After nearly a year on the International Space Station, NASA astronaut Scott Kelly returned to Earth on Tuesday night, completing, along with Russian cosmonaut Mikhail Kornienko, the longest continuous stay in space.
Kelly, Kornienko and his fellow cosmonaut Sergey Volkov touched down in Kazakhstan at 10:26 a.m. Wednesday (8:26 p.m. Tuesday Pacific time). The Soyuz TMA-18M spacecraft that ferried them back from the space station landed southeast of the remote town of Dzhezkazgan, NASA said.
Kelly will fly to NASA's Johnson Space Center in Houston, where, after a brief rest, he'll be examined by a bevy of scientists itching to examine him and gather samples.
But Kelly won't be alone. He'll be joined by his identical twin, retired NASA astronaut Mark Kelly. The pair have been participating in what might be the most far-out twin study ever conducted.
This unique study "is absolutely essential if we're ever going to send people to Mars," said John Holdren, director of the White House Office of Science and Technology Policy and President Obama's senior science advisor. Holdren said he planned to meet Kelly on the tarmac upon his return to Houston on Wednesday.
While Scott Kelly has orbited the planet for 340 days, his brother Mark has remained on Earth. Because their genetics are practically identical, the brothers are offering scientists an unprecedented opportunity to understand the many different effects that space travel can have on the human body.
Studies of the astronauts will allow NASA to see the physical and psychological effects of extended stays in space, Sen. Bill Nelson (D-Fla.), a former astronaut who spent six days in orbit aboard the space shuttle Columbia in 1986, said in a statement.
"As we prepare to go all the way to Mars in the decade of the 2030s, there's going to be a lot that we're going to have to learn," Nelson said.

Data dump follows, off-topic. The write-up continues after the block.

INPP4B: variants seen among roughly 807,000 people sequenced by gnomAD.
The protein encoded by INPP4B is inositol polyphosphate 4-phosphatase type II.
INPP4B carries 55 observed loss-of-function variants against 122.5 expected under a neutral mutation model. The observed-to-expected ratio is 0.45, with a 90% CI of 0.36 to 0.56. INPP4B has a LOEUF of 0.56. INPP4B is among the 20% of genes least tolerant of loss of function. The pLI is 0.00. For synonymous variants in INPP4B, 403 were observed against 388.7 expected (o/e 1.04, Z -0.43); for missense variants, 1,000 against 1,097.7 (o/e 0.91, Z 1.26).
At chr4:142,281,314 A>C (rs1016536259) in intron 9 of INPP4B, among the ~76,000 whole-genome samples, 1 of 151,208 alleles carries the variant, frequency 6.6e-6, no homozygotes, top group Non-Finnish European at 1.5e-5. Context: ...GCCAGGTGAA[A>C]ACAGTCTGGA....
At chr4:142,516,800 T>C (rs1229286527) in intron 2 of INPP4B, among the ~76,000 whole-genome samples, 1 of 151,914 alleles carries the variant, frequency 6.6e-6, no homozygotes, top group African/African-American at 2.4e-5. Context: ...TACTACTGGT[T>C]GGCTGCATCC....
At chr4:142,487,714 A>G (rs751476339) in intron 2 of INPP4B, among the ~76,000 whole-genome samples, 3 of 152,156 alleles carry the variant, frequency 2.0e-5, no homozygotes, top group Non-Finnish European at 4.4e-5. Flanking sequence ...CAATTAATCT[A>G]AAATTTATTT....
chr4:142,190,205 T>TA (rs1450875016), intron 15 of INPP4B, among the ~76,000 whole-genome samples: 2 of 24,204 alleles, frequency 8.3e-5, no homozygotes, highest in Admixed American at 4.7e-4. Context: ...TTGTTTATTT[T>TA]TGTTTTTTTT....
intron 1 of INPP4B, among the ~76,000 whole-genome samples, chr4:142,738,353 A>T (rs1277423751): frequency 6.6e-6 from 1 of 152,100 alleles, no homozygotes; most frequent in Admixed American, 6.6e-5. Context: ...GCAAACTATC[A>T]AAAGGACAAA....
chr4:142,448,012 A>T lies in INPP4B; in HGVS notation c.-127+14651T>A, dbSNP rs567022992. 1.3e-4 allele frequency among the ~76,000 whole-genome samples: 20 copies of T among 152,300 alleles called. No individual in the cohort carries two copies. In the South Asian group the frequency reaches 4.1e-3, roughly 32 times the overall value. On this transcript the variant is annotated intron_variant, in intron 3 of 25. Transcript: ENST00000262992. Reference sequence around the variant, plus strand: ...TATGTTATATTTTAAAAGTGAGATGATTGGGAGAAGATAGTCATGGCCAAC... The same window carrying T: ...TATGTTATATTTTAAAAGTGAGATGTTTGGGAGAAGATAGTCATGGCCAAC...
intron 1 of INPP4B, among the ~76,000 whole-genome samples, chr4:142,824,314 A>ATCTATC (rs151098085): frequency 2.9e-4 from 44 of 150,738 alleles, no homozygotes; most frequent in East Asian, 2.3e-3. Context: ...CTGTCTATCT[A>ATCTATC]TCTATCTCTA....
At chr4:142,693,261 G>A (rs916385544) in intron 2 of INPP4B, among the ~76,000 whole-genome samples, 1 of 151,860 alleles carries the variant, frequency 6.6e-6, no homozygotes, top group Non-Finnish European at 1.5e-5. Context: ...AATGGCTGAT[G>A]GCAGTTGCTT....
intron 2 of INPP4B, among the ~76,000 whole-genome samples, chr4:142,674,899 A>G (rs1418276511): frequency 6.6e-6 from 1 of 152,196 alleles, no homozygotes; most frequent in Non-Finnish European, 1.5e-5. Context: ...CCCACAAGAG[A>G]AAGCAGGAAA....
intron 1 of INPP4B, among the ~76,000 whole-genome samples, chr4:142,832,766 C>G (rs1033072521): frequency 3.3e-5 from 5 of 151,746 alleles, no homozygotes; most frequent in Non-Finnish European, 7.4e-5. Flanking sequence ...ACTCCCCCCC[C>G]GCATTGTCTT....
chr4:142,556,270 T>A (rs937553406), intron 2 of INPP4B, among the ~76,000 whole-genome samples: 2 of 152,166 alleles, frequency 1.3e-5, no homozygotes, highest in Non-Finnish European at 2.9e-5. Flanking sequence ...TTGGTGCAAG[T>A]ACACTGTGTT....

While the idea is nothing new – every astronaut that spends time on the space station is basically a willing human test subject – this stay was unprecedented in length, as well as for the parallel Twins Study that used Mark Kelly essentially as a control subject.
The Twins Study consists of 10 different experiments from several different research institutions, together examining how life in space affects human health.
"When you go up in space there's no gravity, so all this fluid shifts upward towards the head and it causes a number of issues for astronauts," said Brinda Rana, a molecular geneticist at UC San Diego who is involved in two of the 10 research projects.
The most harmless of microgravity's effects also seems to be the most visible, she added – astronauts' faces look puffy in space.
But there are many more concerning health issues related to this fluid shift in the body, she said, including the raising of intracranial pressure, visual impairment, and inflammation potentially linked to cardiovascular disease, among others.
Several of the studies have ordered up samples from both 52-year-old brothers, including blood, urine, feces, cheek cells and spit. One of the studies looks at how the immune system responds to flu vaccines given at different points in time. Other research examines the telomeres that sit at the end of strands of DNA, in search of signs of aging and stress. There is even a psychological study that examines a strange phenomenon known as "space fog" — a lack of alertness reported by multiple astronauts.
The research doesn't end with Kelly's return from orbit: The scientists will continue to monitor both brothers to tease out any long-term effects of a year in orbit.